Movable Sculpture: “Lunchtime on a Skyscraper”

New York City is full of amazing public art, but Sergio Furnari’s sculpture, “Lunchtime on a Skyscraper – A Tribute to America’s Heros,” is truly unique. Furnari is a master craftsman who creates sculptures and artistic custom tile work. In creating “Lunchtime on a Skyscraper,” Furnari drew inspiration from an iconic 1932 photo of construction workers taking a lunch break on a high-up beam during the construction of one of the buildings at Rockefeller Center.





The sculpture has its own unique history. Furnari, an immigrant to New York City from Italy, finished it just after 9/11. The sculpture really resonated with the workers doing the clean up at the World Trade Center site. The sculpture spent 5 months at a temporary location near the site before going on a nationwide tour. Because the sculpture is mounted on a truck, it can be moved around. I’ve seen it multiple times near Furnari’s studio in Long Island City, Queens, near 10th Street/Vernon Blvd. and 45th Avenue. Every time I see it, I’m struck again by Furnari’s ability to portray these working class men in such a realistic way.

If you are traveling by subway, the closest subway station to this location is the Court Square station. If you head to Long Island City to visit one of the microbreweries (I’ve talked about them previously here, here, here, and here) or to see some of the community’s street art (see my post here), you should keep an eye out for this sculpture as well – finding it is always a special treat!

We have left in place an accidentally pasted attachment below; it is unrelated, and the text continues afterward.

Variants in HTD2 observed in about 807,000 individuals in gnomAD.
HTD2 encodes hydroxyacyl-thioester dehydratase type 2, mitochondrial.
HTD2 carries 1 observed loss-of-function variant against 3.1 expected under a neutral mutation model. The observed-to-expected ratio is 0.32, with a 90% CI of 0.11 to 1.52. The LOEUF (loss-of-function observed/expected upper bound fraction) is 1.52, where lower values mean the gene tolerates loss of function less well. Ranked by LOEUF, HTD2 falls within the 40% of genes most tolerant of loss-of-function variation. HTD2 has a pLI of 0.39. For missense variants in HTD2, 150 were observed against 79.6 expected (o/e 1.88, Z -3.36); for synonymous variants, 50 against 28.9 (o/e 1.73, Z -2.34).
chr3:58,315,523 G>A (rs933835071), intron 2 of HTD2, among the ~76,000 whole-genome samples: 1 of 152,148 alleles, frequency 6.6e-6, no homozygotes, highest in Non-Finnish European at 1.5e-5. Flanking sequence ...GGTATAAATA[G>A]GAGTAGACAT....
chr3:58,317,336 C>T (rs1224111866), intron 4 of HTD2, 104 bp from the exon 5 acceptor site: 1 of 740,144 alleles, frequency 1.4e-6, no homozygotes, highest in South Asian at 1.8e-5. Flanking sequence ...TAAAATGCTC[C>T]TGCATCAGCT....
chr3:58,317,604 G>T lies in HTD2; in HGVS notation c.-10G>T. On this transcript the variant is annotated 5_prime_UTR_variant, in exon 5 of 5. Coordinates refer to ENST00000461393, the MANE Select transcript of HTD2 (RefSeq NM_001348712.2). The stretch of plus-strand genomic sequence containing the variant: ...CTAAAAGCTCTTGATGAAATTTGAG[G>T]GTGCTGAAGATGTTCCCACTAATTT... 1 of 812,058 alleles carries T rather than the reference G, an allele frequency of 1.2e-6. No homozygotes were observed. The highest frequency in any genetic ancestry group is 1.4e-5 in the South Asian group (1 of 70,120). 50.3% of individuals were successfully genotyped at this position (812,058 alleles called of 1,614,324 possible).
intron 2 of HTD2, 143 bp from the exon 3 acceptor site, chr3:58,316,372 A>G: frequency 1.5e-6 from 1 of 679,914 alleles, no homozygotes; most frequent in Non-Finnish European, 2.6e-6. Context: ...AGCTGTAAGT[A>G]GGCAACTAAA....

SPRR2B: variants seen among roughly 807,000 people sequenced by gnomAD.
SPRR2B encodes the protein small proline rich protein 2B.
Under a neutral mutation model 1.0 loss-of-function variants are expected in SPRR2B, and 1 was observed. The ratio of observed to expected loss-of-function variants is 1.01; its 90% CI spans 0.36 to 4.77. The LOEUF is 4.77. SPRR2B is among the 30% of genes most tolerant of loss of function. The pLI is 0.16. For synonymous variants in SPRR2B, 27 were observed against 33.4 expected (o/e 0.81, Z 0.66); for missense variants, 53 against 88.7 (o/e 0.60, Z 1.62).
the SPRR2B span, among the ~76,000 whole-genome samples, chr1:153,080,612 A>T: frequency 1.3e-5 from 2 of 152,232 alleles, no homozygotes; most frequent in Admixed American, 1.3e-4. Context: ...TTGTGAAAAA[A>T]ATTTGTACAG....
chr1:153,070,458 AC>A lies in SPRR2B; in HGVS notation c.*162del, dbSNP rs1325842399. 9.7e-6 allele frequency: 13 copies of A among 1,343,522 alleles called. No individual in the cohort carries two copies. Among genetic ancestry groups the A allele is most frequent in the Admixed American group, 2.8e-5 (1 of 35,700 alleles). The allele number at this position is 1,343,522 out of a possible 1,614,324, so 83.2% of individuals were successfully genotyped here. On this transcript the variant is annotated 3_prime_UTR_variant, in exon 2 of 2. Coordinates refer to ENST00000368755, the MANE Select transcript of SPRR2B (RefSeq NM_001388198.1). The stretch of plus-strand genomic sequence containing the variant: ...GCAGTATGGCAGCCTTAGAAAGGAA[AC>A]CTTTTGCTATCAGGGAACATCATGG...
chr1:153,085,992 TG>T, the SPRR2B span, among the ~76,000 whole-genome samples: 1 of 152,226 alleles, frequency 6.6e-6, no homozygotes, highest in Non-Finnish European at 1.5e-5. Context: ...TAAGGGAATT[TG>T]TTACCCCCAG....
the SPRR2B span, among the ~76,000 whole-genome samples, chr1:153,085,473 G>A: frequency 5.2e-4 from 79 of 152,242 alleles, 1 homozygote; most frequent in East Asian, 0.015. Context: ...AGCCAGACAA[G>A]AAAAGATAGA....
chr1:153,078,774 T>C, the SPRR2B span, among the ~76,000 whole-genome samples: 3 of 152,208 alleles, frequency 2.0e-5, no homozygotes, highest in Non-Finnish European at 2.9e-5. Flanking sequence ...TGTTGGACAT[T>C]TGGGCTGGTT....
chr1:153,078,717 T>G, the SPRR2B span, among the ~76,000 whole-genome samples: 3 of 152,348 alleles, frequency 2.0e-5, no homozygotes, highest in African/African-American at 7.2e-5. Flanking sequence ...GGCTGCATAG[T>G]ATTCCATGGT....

6 thoughts on “Movable Sculpture: “Lunchtime on a Skyscraper”

  1. Who is the original photo by–I have never seen it? There is so much detail in these statues you can really see the people. Great idea to make it totally movable like that since it makes accessible to so many more people. Why did someone think of that sooner?

    1. The photographer is officially “unknown.” For a time it was attributed to the Lewis Hine, who was known for his photography of working conditions and certainly did take some photos of skyscraper construction workers, but that theory was later rejected. It also is sometimes attributed to American photographer Charles Clyde Ebbets. I think the sculptural details are really powerful. Each man is actually his own separate sculpture, and then all 11 have been placed on the single beam. At one point, someone took one of the statues, but the police were able to recover it.

      1. I’ll look up the photo. Thanks for the info–it will really help in tracking it down. In a way stealing the statue is a compliment, but they really needed the set. Glad the police got it back.

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